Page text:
In a statement, Novartis pointed to its patient assistance program that eliminates monthly out-of-pocket costs for most commercially insured patients (Bostwick said her family income is too high to qualify for most assistance programs).
There are also signs that companies may be getting the message. Ocrevus, the drug Bostwick will soon begin taking, was approved in 2017 and Genentech, its manufacturer, announced it would price the new drug at 25 percent below the list price of Rebif, the older drug that it beat in clinical trials.
A Father Crosses the Border for His Son
Jonathan Yeagley, 61, Berwyn, Pennsylvania
Every three months, Yeagley, a stock trader, hops into his car and drives seven hours — 390 miles — from his home outside Philadelphia to a Walmart half a mile across the Canadian border. There, he buys Xeljanz to treat his son Jonathan’s alopecia areata, a type of hair loss caused by an immune disorder. He drives back the same day.
In 2016, Independence Blue Cross, Yeagley’s insurer at the time, rejected coverage of the drug because Xeljanz is approved to treat rheumatoid arthritis, not alopecia. Yeagley appealed and lost his case; an outside reviewer wrote that there’s not enough evidence that the drug is effective against alopecia. In 2017, Yeagley switched to another insurer that does not cover prescription drugs.
There are no approved drug treatments for the condition, and Yeagley’s son’s doctor at Yale University, Brett King, has found Xeljanz effective at regrowing hair for some patients. (King is a consultant for the drug’s maker, Pfizer.) Once a year, Yeagley uses a coupon from Pfizer that covers about three months of the drug, but for the rest of the year he is on his own.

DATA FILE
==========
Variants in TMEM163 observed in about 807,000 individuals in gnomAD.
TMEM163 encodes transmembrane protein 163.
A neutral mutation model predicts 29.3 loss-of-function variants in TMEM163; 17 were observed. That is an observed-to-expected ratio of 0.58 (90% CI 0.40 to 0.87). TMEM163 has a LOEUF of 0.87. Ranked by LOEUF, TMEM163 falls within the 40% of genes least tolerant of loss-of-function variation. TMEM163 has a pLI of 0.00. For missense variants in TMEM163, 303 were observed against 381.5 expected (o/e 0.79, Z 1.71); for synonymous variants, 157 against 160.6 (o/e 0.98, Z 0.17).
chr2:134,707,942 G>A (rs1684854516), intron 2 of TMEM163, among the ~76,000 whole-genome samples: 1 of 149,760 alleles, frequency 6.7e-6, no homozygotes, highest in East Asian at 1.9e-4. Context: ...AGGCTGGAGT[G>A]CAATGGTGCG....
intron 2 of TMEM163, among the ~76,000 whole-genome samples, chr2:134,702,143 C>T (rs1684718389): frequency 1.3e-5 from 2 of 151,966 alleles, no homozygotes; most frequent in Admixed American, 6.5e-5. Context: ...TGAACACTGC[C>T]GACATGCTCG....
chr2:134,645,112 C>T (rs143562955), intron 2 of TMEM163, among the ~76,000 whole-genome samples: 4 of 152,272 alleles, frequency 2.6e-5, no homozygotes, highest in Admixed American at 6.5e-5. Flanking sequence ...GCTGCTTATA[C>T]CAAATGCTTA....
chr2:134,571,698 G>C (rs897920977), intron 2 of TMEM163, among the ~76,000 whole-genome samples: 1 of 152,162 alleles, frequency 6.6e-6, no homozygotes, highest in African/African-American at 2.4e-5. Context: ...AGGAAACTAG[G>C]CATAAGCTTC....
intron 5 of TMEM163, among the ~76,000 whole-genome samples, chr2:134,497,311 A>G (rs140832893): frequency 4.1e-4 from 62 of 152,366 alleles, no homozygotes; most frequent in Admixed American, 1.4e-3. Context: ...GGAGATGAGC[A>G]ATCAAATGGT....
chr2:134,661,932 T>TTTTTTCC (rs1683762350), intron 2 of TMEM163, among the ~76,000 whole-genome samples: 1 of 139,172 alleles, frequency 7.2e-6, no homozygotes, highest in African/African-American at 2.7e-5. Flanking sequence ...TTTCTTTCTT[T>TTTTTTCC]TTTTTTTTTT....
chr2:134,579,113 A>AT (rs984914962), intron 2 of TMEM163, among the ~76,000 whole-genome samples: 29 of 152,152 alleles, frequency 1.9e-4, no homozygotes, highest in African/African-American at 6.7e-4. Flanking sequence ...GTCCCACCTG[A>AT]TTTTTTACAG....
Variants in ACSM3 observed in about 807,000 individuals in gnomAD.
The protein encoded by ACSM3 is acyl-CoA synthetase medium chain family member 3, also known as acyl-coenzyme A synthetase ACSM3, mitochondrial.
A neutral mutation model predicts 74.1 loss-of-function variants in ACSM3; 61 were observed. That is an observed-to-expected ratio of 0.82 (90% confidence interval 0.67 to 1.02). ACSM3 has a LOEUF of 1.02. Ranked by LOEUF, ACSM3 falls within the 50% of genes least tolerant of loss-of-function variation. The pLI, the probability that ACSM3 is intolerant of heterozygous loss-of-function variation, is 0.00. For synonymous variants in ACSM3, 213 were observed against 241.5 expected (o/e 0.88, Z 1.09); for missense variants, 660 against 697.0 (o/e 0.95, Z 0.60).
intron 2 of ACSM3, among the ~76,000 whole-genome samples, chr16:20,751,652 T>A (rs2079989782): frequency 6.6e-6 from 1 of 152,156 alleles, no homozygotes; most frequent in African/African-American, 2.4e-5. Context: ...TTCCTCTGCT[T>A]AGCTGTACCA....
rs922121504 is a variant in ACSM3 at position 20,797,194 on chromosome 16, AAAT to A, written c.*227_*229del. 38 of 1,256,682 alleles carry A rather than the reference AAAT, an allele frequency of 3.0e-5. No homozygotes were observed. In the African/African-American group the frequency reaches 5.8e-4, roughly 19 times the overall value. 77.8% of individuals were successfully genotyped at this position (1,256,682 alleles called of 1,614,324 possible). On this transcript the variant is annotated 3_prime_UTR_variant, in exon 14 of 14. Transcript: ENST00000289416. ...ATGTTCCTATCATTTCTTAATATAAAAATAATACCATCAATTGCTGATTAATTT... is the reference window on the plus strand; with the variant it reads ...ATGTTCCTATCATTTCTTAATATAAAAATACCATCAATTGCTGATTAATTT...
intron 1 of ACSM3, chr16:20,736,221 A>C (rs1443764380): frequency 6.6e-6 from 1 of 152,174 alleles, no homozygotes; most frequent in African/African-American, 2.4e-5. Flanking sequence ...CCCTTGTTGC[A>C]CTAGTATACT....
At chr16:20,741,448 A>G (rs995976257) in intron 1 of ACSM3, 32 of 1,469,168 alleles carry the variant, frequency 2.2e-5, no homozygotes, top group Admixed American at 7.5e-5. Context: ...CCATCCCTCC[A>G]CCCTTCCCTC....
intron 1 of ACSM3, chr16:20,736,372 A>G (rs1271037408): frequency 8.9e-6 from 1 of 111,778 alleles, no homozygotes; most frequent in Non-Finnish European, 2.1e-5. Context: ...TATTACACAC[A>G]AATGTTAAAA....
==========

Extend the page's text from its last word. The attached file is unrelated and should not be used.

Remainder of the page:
In the United States, Xeljanz costs about $50,000 a year (through a drug discount website). That’s after Pfizer raised the price of Xeljanz by nearly 8 percent in January. In Canada, the price tag is $15,000.
“I don’t have that kind of money to throw away,” said Yeagley, who has made five trips so far. Yeagley’s son spoke on FaceTime with a Canadian doctor who asked for pictures and reviewed laboratory results before writing a prescription so the Yeagleys could legally obtain the drug in Canada.
Jonathan, who is 20, worries about shouldering the costs in the future. “I don’t tell him that I think about it a lot but I do think about it a lot,” he said. “I’m so grateful for what he does for me but I don’t know how long it can go on.”
What’s Going on Here
In another twist, the price of Xeljanz has come under scrutiny because it was developed in part based on research by the National Institutes of Health, a federal agency. Some consumer groups and lawmakers have questioned whether drugs developed with taxpayer money should carry lower price tags.
In a statement, Pfizer said it is studying medications to treat alopecia. It has said it spent more than a $1 billion on “the discovery, development and commercialization of Xeljanz.”